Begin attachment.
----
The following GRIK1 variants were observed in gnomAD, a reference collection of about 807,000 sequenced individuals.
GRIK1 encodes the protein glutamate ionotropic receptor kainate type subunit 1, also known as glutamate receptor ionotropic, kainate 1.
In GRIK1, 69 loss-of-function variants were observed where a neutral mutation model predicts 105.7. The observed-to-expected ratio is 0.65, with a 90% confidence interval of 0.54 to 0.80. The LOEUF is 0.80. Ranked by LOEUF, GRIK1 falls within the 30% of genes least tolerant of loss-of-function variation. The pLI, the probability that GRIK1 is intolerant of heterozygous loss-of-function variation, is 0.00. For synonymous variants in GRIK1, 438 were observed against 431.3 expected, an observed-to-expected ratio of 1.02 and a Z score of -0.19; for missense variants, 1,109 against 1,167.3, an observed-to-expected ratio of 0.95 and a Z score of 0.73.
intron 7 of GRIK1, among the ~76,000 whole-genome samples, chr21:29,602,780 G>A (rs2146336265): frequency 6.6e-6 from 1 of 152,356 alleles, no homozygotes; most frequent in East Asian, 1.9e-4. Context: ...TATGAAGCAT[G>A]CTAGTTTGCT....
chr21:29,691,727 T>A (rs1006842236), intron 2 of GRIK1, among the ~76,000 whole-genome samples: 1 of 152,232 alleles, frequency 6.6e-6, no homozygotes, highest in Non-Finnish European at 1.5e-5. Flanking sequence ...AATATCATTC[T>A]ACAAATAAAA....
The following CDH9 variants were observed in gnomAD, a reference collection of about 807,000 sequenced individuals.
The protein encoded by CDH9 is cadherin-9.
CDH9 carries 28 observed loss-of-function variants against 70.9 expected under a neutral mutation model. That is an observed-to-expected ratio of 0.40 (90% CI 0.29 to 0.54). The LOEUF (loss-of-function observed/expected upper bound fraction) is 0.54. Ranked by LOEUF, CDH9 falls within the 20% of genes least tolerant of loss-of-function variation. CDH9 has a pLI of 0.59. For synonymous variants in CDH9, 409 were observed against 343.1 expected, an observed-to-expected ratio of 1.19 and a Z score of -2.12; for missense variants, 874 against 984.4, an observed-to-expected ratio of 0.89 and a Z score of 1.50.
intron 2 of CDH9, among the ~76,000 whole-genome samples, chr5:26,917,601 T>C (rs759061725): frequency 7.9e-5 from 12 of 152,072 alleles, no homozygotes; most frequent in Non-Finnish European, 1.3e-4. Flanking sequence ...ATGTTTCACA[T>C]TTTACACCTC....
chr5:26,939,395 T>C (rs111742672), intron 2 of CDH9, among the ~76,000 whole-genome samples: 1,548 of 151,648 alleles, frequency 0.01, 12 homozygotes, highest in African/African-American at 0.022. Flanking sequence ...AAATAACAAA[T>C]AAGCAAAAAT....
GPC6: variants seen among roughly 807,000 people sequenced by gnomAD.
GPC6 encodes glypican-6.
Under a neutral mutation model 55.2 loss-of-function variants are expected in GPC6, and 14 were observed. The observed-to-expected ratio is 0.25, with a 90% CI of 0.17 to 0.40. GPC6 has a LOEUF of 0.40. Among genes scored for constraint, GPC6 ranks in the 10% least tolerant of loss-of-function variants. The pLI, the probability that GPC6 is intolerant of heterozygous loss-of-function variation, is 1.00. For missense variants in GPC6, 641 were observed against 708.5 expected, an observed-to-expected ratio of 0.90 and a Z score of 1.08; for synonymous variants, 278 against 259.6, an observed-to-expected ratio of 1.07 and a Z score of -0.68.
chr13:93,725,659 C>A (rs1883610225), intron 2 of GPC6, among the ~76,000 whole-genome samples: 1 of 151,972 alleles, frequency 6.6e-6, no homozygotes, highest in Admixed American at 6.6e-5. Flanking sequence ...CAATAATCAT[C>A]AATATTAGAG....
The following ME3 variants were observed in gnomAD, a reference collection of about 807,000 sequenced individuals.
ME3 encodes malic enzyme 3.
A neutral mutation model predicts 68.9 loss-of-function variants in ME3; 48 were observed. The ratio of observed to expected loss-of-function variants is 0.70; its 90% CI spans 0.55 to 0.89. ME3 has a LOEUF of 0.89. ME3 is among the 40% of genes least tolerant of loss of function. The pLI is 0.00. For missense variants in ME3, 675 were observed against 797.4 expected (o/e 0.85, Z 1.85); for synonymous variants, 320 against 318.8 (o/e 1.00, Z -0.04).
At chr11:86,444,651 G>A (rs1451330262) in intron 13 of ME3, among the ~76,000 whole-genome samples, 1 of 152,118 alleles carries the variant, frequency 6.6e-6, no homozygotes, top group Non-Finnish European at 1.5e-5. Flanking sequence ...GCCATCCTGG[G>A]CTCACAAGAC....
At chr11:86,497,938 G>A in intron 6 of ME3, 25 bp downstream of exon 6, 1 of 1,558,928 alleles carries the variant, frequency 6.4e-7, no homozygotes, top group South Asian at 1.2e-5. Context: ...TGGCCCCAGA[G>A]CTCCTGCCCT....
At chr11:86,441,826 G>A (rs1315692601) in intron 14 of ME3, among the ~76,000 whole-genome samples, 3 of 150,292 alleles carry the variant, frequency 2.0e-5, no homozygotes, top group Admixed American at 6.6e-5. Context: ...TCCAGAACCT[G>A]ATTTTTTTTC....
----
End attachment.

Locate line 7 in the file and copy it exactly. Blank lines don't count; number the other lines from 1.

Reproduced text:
The protein encoded by CDH9 is cadherin-9.